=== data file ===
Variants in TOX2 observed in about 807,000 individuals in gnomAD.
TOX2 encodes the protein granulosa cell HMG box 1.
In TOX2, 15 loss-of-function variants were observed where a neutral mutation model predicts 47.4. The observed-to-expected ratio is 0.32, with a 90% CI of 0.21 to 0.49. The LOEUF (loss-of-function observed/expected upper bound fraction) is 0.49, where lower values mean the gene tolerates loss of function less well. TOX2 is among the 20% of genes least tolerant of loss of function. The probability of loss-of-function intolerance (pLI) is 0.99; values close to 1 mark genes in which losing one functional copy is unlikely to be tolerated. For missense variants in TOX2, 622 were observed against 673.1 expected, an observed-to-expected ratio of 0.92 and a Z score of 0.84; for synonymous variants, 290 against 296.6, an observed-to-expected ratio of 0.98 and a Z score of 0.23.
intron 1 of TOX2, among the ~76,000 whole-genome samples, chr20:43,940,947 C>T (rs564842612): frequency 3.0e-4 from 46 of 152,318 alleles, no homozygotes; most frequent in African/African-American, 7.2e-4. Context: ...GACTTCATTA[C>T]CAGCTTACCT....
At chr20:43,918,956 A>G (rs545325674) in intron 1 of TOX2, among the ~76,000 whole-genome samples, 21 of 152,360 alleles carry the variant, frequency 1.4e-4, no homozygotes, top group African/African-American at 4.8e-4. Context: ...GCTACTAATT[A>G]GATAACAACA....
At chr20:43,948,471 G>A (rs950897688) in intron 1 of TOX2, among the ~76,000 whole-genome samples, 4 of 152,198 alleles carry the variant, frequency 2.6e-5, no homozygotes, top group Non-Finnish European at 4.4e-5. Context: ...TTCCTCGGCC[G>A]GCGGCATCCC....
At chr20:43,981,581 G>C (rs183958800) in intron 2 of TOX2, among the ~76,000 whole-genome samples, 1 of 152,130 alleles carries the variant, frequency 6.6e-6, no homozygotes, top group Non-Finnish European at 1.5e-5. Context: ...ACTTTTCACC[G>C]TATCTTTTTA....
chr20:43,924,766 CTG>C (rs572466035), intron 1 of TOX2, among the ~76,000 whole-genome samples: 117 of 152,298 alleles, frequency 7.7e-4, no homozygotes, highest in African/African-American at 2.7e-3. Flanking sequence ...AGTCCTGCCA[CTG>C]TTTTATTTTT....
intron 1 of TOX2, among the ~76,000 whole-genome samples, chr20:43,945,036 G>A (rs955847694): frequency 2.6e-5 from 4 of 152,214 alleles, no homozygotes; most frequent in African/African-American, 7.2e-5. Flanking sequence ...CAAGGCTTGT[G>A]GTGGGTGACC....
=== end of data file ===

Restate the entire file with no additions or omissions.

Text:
Variants in TOX2 observed in about 807,000 individuals in gnomAD.
TOX2 encodes the protein granulosa cell HMG box 1.
In TOX2, 15 loss-of-function variants were observed where a neutral mutation model predicts 47.4. The observed-to-expected ratio is 0.32, with a 90% CI of 0.21 to 0.49. The LOEUF (loss-of-function observed/expected upper bound fraction) is 0.49, where lower values mean the gene tolerates loss of function less well. TOX2 is among the 20% of genes least tolerant of loss of function. The probability of loss-of-function intolerance (pLI) is 0.99; values close to 1 mark genes in which losing one functional copy is unlikely to be tolerated. For missense variants in TOX2, 622 were observed against 673.1 expected, an observed-to-expected ratio of 0.92 and a Z score of 0.84; for synonymous variants, 290 against 296.6, an observed-to-expected ratio of 0.98 and a Z score of 0.23.
intron 1 of TOX2, among the ~76,000 whole-genome samples, chr20:43,940,947 C>T (rs564842612): frequency 3.0e-4 from 46 of 152,318 alleles, no homozygotes; most frequent in African/African-American, 7.2e-4. Context: ...GACTTCATTA[C>T]CAGCTTACCT....
At chr20:43,918,956 A>G (rs545325674) in intron 1 of TOX2, among the ~76,000 whole-genome samples, 21 of 152,360 alleles carry the variant, frequency 1.4e-4, no homozygotes, top group African/African-American at 4.8e-4. Context: ...GCTACTAATT[A>G]GATAACAACA....
At chr20:43,948,471 G>A (rs950897688) in intron 1 of TOX2, among the ~76,000 whole-genome samples, 4 of 152,198 alleles carry the variant, frequency 2.6e-5, no homozygotes, top group Non-Finnish European at 4.4e-5. Context: ...TTCCTCGGCC[G>A]GCGGCATCCC....
At chr20:43,981,581 G>C (rs183958800) in intron 2 of TOX2, among the ~76,000 whole-genome samples, 1 of 152,130 alleles carries the variant, frequency 6.6e-6, no homozygotes, top group Non-Finnish European at 1.5e-5. Context: ...ACTTTTCACC[G>C]TATCTTTTTA....
chr20:43,924,766 CTG>C (rs572466035), intron 1 of TOX2, among the ~76,000 whole-genome samples: 117 of 152,298 alleles, frequency 7.7e-4, no homozygotes, highest in African/African-American at 2.7e-3. Flanking sequence ...AGTCCTGCCA[CTG>C]TTTTATTTTT....
intron 1 of TOX2, among the ~76,000 whole-genome samples, chr20:43,945,036 G>A (rs955847694): frequency 2.6e-5 from 4 of 152,214 alleles, no homozygotes; most frequent in African/African-American, 7.2e-5. Flanking sequence ...CAAGGCTTGT[G>A]GTGGGTGACC....